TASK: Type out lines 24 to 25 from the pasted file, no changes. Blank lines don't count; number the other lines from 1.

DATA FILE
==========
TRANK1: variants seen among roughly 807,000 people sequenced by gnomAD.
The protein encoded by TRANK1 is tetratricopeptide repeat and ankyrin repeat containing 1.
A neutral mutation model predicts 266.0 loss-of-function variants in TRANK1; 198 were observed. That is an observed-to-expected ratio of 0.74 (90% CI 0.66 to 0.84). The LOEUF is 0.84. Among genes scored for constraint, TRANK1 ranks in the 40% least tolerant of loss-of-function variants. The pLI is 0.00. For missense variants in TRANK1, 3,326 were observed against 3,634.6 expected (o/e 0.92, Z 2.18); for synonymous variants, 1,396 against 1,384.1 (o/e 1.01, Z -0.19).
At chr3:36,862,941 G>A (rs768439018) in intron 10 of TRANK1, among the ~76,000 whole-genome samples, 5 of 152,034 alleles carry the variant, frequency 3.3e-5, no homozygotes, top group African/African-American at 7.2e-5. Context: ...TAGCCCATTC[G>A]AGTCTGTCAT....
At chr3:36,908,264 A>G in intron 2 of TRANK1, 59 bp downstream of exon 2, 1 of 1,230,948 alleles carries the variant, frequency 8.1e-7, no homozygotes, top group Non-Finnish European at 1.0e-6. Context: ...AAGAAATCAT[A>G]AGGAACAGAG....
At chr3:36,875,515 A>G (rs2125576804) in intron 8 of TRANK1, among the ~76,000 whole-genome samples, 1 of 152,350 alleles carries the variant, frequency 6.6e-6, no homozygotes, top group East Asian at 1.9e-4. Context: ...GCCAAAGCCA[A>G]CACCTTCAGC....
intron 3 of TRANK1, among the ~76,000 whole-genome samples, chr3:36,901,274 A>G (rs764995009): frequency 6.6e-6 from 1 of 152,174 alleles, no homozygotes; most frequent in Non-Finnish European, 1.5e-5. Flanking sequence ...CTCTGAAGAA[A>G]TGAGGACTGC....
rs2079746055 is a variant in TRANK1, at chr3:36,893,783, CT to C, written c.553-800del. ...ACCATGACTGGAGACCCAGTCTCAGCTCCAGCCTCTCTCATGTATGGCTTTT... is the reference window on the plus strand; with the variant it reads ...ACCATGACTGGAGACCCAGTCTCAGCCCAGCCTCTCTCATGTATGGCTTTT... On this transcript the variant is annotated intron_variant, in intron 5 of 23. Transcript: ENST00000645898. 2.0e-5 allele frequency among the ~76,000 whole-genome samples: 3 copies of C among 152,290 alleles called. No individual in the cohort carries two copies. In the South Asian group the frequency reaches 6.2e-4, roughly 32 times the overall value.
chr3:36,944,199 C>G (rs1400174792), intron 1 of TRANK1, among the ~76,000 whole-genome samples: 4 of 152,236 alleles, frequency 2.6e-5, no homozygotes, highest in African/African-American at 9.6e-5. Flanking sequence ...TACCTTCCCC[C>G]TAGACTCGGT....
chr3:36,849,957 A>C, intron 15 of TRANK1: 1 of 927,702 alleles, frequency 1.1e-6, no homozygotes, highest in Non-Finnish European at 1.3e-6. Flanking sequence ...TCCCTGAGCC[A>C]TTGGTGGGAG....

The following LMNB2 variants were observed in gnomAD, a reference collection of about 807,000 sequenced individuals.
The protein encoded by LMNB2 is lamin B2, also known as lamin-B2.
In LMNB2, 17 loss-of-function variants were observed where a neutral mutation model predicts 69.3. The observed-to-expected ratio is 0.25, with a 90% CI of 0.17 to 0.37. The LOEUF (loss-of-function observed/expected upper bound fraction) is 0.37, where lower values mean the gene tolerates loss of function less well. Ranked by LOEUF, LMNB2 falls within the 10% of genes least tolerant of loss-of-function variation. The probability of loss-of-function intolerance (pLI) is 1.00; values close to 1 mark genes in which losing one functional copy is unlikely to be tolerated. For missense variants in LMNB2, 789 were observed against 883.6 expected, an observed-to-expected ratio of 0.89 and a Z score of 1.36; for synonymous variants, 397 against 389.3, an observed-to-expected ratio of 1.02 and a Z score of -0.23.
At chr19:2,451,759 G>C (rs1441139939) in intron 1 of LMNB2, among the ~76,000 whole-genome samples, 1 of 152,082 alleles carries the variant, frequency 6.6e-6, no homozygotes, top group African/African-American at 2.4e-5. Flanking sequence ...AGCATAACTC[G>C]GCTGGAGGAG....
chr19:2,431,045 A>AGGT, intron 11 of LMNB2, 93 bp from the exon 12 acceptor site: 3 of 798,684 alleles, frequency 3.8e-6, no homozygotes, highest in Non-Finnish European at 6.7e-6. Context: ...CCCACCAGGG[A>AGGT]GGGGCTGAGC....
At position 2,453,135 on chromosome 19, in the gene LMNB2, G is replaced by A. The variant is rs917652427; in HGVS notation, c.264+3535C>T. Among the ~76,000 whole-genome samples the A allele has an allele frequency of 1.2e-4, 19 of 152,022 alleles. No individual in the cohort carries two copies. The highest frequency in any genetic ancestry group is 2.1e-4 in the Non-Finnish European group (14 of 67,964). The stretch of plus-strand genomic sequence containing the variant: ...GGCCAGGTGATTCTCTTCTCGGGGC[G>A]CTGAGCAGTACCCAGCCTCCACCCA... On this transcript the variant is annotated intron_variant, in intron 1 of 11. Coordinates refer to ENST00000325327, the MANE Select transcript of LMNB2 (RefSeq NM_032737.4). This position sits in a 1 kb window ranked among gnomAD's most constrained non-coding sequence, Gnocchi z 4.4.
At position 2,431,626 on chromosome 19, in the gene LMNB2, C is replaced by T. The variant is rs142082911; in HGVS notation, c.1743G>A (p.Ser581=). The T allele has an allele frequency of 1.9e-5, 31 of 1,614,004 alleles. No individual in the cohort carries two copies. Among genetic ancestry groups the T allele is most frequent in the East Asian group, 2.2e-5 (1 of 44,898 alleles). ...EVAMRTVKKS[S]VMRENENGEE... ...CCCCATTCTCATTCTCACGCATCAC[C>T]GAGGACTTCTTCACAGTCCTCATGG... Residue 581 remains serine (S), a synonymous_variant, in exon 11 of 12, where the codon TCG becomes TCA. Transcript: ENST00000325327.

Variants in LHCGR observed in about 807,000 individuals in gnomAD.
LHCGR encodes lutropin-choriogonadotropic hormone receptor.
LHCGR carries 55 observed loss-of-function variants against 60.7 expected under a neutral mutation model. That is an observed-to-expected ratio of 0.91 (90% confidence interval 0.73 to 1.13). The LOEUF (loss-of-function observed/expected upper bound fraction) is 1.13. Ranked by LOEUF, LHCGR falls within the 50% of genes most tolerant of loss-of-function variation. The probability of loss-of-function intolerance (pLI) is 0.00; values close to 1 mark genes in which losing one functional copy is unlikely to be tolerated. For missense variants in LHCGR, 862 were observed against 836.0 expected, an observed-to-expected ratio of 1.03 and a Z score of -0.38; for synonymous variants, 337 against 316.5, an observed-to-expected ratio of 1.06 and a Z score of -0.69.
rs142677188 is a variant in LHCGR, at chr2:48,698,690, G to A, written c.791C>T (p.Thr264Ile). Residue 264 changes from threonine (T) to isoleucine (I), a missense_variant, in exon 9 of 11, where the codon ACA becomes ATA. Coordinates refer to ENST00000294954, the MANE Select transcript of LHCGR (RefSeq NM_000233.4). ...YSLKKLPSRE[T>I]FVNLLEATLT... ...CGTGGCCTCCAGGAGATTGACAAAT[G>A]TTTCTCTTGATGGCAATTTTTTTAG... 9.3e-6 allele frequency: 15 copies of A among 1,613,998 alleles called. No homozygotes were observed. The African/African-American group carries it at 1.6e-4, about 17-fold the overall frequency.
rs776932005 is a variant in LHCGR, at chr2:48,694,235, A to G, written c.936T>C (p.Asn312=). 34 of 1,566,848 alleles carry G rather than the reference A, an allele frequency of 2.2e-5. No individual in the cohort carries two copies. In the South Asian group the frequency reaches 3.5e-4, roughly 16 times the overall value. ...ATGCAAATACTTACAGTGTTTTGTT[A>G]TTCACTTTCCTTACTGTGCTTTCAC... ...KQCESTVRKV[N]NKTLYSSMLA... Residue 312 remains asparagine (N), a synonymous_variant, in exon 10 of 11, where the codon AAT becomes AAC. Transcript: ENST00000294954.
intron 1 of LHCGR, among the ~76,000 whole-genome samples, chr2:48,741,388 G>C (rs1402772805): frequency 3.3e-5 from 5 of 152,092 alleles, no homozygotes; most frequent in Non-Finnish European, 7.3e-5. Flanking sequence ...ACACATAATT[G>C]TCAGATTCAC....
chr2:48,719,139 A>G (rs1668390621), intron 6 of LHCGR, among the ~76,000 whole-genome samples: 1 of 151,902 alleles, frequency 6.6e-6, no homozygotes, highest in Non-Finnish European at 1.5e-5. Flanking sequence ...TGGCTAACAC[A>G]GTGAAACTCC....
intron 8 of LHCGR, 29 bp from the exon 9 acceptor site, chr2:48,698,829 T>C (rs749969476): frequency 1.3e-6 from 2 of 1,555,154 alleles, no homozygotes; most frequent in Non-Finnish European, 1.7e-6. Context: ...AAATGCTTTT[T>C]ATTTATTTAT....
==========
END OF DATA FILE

chr2:48,719,139 A>G (rs1668390621), intron 6 of LHCGR, among the ~76,000 whole-genome samples: 1 of 151,902 alleles, frequency 6.6e-6, no homozygotes, highest in Non-Finnish European at 1.5e-5. Flanking sequence ...TGGCTAACAC[A>G]GTGAAACTCC....
intron 8 of LHCGR, 29 bp from the exon 9 acceptor site, chr2:48,698,829 T>C (rs749969476): frequency 1.3e-6 from 2 of 1,555,154 alleles, no homozygotes; most frequent in Non-Finnish European, 1.7e-6. Context: ...AAATGCTTTT[T>C]ATTTATTTAT....